Friday, August 31, 2007

The "Wedge" and Theocracy

Please read:

The "Wedge Document": "So what"?

It seems that many in the anti-ID community believe that there exists a conspiracy to set up a Christian theocracy, and that the Intelligent Design community is part of the "master plan".

Baloney...there is no basis for this assumption whatsoever.

No doubt there are Christian religious fanatics out there somewhere who would like to see a theocracy established, but on the other side of the coin, there are atheist fanatics who would like to see religion disappear altogether.

I firmly support the separation of church and state because I believe if one particular religion ever took hold in government, it would eventually become disasterous.

I also strongly believe that religion should remain out of the public school systems due to the fact that I'm quite sure that no one wants their child subjected to every religion under the sun during their school hours, and that is what would happen as soon as we open the door to one particular religious belief.

I also feel that secularism or humanism has advanced to a point that, for some, it is quite similiar to the make up of religious communities. They hold social events, support one another in their materialist faith, and proselytize just as other religious groups do. Consider this when perusing a few of these organizations:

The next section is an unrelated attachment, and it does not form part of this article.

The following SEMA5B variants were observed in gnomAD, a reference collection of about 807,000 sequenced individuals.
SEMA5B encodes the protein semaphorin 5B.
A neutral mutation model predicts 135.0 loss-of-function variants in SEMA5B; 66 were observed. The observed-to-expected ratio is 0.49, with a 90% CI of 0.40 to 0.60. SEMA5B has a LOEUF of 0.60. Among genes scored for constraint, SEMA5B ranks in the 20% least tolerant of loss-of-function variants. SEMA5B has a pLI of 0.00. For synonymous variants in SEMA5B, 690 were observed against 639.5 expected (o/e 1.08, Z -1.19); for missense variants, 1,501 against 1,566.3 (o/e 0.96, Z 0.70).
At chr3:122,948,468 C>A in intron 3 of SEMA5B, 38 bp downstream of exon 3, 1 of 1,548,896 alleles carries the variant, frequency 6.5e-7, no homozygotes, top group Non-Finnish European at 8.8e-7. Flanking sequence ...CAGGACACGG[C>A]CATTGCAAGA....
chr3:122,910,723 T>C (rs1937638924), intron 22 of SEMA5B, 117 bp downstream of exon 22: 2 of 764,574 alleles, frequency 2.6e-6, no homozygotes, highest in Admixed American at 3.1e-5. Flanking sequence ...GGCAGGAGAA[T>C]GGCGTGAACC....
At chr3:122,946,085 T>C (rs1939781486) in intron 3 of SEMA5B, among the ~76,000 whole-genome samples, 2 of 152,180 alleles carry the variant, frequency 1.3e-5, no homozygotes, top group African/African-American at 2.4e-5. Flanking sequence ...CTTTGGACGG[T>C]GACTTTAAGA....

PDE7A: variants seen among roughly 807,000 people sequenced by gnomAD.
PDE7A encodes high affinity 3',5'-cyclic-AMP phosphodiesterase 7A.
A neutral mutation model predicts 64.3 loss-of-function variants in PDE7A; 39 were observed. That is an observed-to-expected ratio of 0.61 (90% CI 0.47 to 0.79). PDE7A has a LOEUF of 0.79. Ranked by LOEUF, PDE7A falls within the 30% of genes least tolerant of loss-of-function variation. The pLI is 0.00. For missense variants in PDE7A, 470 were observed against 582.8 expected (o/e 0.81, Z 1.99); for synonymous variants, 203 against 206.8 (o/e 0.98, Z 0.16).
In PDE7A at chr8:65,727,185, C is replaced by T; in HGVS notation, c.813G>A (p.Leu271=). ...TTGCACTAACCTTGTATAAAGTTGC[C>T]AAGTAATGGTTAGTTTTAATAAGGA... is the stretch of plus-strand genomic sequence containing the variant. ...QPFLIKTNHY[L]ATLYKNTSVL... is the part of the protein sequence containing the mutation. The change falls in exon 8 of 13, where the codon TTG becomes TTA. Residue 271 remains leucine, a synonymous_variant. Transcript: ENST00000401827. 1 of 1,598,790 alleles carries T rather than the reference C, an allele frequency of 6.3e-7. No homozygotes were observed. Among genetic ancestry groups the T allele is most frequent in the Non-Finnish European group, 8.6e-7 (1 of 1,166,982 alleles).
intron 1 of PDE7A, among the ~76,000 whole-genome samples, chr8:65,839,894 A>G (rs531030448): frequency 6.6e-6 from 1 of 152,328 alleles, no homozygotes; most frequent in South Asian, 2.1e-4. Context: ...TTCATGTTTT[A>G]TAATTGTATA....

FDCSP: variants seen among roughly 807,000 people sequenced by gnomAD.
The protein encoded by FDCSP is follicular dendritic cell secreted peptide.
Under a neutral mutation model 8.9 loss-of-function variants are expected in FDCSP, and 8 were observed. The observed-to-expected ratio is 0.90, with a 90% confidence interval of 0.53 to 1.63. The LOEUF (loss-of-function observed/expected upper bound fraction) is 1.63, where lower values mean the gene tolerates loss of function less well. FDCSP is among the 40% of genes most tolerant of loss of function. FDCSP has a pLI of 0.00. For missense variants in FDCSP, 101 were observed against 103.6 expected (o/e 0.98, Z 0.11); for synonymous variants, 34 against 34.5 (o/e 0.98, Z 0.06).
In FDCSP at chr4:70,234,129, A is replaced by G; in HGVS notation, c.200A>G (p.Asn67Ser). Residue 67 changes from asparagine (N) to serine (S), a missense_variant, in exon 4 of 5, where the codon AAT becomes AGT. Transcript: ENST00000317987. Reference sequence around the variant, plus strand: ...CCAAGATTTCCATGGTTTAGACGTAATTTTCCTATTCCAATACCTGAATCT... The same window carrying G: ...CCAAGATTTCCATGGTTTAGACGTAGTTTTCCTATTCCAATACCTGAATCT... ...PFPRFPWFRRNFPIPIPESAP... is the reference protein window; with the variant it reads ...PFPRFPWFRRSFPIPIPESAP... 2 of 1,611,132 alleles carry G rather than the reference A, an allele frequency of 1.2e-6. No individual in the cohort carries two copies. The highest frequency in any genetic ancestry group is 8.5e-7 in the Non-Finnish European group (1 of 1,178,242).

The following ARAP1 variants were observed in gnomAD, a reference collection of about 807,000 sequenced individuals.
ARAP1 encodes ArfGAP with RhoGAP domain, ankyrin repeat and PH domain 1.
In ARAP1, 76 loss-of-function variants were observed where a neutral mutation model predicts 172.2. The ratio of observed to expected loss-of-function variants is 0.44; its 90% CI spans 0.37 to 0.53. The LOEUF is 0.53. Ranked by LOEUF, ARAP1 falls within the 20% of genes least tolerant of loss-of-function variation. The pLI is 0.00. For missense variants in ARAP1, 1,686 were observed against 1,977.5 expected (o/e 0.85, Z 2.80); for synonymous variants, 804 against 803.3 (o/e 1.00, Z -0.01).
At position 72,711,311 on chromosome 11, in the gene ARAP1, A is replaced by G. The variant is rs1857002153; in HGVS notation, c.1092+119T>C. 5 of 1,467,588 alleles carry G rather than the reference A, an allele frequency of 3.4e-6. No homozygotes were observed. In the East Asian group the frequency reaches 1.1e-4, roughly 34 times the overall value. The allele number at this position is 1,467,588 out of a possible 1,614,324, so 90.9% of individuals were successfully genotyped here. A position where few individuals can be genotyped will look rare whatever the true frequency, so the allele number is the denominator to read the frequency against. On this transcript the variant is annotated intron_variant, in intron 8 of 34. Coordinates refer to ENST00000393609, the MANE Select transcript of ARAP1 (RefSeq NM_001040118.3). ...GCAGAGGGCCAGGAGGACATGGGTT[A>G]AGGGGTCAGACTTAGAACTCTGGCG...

The Council for Secular Humanism
American Humanist Association
National Secular Society

You’ll find that humanist groups do try to organize functions to help others in society, but their main focus is politics, rejection of the supernatural, science as truth, and various philosophical issues. They have meetings, bylaws and manifestos just as churches have meetings, church services, bylaws, and articles of faith. They encourage others to bring friends into the flock just as faith communities do.

Some of the key players in the evolution/ID debate are involved in humanist organizations. In fact, Eugenie Scott is a notable signer of the Humanist Manifesto III. Barbara Forest and Richard Dawkins are also members of humanist groups along with many other key players in the fight against “creationism“ (as they refer to it). The Humanist Manifesto has a tone very similar to religious articles of faith. I fail to see the difference between religious groups and atheist groups other than the fact that there is a belief or disbelief in God.

In Nancy Pearcey’s Book, Total Truth, she makes a very profound statement, IMO. She wrote that, “Humans are inherently religious beings, created to be in relationship with God - and if they reject God, they don’t stop being religious; they simply find some other ultimate principle upon which to base their lives.”

Here are a few other articles to consider in this regard:

Religion by Any Other Name
The Problem with Secularism

As far as teaching religion in the public schools is concerned, my personal preference would be that religion be discussed in history classes rather than comparative religion classes at the university level. I feel this way because it seems that at this point in time, due to the goal of keeping in sync with a secular, supposedly unbiased position on the subject, so many classes are taught in such a way that all religions are considered mythical and relevant only to people on some spiritual level for various reasons throughout history rather than actually providing the possibility that one might be able to consider religion as an avenue in which one might search for truth in regard to religious history or a possible purpose for our lives.

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